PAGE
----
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Her murmurings were silenced, as, in a clear, steady voice, the words of Scripture were uttered in that narrow room. With her hard hands clasped on her knees, and her features expressing earnest attention, she sat and listened, repeating the well-known sentences of consolation, after Lewis, in a low but impressive tone. Truly, to the poor is the Gospel preached; and it is those who have the least portion on this earth, who hold its promises most precious. As Lewis knelt by the children's bedside, their little hot hands stole into his, their parched lips murmured blessings. Whatever might be her faults, their grandmother had taught them, morning and evening, to say a prayer; and on the lone hills where they tended Roger Pemberton's sheep, from dawn of day till dark night, the boys took with them the hymn-books Lewis had given them, and conned their lessons for his Sabbathschool teaching. If their harsh master kept them to their work when others were learning,
it was never too late for Lewis to attend to the petition of the hard-tasked children to hear them read, and help them in their slow progress towards the little knowledge they could ever hope to attain.
Through the tiny window, the sound of his voice penetrates into the quiet field across which the poacher and his dog are returning sullenly.
But even that man's hard countenance is softened, as he stops for a moment to listen; and presently, when Lewis comes forth, he stands aside, respectfully, to let him pass. He does not go by without speaking a word in season to the bold sinner. He tells him of his sick wife and starving children.
Lewis is the friend of the poor, and not one of them mistrusts him. Daily and nightly, he walks among them; and, while they know him to be singularly pure of heart, they yet dare to open the dark secrets of their own breasts to their young pastor.
Each one of them is aware that he feels for them; and though they think him the best of men, there is a compassionate tenderness in his tone, which springs from the deepest source of Christian humility. If Sir Frederick's fishponds are not dragged to-night, it is young Pemberton's voice, more than the vigilance of the keepers, and the loud, passionate threats of their choleric master, that keeps them untouched.
The poacher draws his hard hand across his eyes, as he turns down the lane to face Maggie in her troubles; and the dog that has, all day long, skulked at his heels, now bounds forward to meet the children, with whom no silkenhaired lap-dog could be a greater favourite, than the rough-coated, ragged-looking, but sharpwitted companion of their father; the worsttempered animal in the parish-Fox.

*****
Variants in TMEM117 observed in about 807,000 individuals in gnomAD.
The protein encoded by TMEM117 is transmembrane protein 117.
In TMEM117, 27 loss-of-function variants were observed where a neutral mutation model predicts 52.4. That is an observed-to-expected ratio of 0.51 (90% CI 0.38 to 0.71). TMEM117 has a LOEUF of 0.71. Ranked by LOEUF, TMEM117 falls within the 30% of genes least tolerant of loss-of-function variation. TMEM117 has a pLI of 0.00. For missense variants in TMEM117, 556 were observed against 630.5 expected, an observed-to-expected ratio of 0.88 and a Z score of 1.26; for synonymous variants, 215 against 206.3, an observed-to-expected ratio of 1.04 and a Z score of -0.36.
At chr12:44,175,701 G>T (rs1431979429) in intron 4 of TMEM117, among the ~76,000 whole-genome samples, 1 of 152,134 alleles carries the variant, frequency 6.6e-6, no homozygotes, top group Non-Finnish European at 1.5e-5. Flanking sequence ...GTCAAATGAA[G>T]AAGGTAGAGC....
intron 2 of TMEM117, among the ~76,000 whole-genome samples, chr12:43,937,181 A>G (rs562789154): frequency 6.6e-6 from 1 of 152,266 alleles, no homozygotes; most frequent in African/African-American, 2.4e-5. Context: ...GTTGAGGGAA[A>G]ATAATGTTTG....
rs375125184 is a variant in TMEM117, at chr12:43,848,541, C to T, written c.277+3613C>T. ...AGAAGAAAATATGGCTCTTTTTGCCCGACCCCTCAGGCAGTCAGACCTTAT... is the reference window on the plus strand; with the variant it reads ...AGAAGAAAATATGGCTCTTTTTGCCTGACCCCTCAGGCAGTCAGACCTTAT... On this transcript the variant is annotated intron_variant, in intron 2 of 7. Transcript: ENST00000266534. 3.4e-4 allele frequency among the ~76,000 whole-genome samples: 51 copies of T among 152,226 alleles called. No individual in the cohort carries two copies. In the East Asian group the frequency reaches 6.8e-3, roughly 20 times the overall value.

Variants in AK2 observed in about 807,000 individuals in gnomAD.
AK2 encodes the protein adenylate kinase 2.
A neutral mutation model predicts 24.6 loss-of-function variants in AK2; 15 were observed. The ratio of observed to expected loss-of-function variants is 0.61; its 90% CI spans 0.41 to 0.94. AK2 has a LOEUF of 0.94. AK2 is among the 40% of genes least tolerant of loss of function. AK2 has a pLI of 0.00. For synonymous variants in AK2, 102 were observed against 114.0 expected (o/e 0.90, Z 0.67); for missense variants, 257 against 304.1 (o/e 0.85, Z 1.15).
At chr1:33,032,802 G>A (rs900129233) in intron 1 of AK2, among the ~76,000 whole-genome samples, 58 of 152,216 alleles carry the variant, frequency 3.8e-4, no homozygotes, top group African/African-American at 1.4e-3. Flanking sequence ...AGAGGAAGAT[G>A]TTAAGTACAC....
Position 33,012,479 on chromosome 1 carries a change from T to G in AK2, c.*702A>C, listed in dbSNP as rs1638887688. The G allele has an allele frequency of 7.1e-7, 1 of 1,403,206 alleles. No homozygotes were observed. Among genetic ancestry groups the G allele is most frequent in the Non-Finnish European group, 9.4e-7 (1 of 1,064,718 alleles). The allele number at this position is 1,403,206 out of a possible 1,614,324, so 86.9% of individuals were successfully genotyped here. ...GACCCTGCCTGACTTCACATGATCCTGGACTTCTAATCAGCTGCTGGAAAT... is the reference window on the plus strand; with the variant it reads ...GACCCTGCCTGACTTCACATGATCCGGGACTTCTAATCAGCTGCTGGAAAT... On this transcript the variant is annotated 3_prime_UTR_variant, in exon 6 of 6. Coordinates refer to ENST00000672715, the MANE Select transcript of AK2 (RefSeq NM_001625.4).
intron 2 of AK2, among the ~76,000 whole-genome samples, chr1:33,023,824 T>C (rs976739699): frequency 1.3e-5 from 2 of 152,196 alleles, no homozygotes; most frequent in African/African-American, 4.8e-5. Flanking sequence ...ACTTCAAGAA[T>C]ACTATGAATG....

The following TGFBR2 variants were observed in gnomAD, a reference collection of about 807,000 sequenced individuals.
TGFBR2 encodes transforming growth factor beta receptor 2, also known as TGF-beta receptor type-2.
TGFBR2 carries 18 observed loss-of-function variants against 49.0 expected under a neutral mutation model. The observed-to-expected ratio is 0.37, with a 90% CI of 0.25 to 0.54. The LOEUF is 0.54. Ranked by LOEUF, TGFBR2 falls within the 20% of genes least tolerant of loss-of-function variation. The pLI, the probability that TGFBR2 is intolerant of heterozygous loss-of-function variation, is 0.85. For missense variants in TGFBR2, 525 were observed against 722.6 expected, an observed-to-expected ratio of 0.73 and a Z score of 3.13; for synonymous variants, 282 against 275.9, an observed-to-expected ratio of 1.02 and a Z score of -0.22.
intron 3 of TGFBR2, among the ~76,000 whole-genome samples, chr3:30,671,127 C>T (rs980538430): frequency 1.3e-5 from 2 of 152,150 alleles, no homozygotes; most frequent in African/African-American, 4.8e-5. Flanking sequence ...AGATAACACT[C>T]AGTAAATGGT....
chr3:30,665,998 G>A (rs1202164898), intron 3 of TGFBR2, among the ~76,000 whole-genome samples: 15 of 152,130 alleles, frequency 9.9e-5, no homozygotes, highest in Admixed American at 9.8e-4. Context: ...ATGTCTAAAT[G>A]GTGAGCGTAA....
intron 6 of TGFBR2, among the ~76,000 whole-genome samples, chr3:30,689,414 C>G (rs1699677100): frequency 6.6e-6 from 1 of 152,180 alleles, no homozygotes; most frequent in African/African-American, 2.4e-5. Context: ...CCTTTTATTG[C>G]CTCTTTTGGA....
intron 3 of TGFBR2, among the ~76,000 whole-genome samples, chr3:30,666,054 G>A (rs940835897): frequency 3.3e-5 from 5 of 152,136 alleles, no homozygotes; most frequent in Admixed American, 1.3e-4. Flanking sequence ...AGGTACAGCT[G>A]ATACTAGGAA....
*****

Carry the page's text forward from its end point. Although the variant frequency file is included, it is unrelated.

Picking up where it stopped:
Though Laura and Clarice sat up late, that night, nothing was heard of Sir Frederick. Laura was greatly alarmed and consulted Mrs.
Dixon on the expediency of sending to enquire after him at the town to which he had said he was going; but the housekeeper took his absence very quietly, advised the young ladies to go to bed, and assured them that her master would come home quite safe in the morning. As she seemed to think that he would highly disapprove of any active measures being taken, they were forced, at length, to comply with her advice.
SIR FREDERICK's kind heart was greatly shocked, when he returned, soon after breakfast, the next morning, at seeing, by his niece's agitated reception of him, how great her anxiety on his account had been. The sudden bereavement which Miss Derwent had recently undergone made her nervously ready to anticipate evil. She had not slept, and her pale cheek and tearful eyes showed that the vigil had been a painful one.
He felt ashamed, when he looked at his niece's altered countenance, of having heedlessly yielded to the solicitations of his friends. Even the merry Clarice was grave, and seemed inclined to reproach him for her friend's distress. The cares of a family were come upon him; and he perceived that he could not